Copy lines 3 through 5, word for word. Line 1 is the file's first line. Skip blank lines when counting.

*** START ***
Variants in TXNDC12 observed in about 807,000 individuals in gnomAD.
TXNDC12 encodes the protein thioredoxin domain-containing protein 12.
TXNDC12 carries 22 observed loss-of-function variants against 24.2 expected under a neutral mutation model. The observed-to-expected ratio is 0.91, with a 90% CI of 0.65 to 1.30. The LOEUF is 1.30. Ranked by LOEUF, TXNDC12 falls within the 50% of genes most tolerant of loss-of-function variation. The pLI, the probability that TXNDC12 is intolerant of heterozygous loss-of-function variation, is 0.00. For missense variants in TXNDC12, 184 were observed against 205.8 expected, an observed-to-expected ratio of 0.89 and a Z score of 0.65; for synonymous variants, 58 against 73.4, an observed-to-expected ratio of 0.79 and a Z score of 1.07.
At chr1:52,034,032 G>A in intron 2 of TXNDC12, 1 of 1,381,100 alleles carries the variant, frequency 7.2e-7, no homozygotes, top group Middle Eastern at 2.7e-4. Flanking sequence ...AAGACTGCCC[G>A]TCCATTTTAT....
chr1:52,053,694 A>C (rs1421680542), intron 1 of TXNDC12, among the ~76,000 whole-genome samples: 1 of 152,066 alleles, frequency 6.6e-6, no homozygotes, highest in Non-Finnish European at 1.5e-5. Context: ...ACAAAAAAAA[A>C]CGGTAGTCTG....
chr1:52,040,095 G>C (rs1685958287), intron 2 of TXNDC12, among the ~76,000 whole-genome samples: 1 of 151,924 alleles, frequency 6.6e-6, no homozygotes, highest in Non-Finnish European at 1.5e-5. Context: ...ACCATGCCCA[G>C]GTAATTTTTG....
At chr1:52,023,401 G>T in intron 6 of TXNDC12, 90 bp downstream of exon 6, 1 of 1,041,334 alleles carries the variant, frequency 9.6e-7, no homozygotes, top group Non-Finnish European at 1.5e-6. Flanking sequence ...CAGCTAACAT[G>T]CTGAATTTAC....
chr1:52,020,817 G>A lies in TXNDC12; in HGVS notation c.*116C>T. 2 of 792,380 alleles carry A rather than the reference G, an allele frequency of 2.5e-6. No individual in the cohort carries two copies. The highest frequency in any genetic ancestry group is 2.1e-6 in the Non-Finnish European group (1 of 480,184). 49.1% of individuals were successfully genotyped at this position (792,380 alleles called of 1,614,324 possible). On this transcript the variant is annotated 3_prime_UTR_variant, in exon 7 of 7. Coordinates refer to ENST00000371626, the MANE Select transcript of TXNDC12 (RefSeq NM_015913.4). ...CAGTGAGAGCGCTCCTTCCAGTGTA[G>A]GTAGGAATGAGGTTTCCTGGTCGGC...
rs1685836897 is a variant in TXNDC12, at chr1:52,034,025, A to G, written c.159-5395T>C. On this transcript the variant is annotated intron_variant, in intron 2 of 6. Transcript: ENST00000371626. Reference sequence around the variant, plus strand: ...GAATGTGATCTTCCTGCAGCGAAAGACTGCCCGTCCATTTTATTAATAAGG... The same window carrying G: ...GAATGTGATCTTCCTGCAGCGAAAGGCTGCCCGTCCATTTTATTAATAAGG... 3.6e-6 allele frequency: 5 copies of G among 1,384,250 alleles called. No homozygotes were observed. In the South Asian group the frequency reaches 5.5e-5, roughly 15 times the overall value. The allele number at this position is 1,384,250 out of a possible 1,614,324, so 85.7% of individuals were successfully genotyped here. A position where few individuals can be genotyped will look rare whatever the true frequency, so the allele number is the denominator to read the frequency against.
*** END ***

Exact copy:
TXNDC12 carries 22 observed loss-of-function variants against 24.2 expected under a neutral mutation model. The observed-to-expected ratio is 0.91, with a 90% CI of 0.65 to 1.30. The LOEUF is 1.30. Ranked by LOEUF, TXNDC12 falls within the 50% of genes most tolerant of loss-of-function variation. The pLI, the probability that TXNDC12 is intolerant of heterozygous loss-of-function variation, is 0.00. For missense variants in TXNDC12, 184 were observed against 205.8 expected, an observed-to-expected ratio of 0.89 and a Z score of 0.65; for synonymous variants, 58 against 73.4, an observed-to-expected ratio of 0.79 and a Z score of 1.07.
At chr1:52,034,032 G>A in intron 2 of TXNDC12, 1 of 1,381,100 alleles carries the variant, frequency 7.2e-7, no homozygotes, top group Middle Eastern at 2.7e-4. Flanking sequence ...AAGACTGCCC[G>A]TCCATTTTAT....
chr1:52,053,694 A>C (rs1421680542), intron 1 of TXNDC12, among the ~76,000 whole-genome samples: 1 of 152,066 alleles, frequency 6.6e-6, no homozygotes, highest in Non-Finnish European at 1.5e-5. Context: ...ACAAAAAAAA[A>C]CGGTAGTCTG....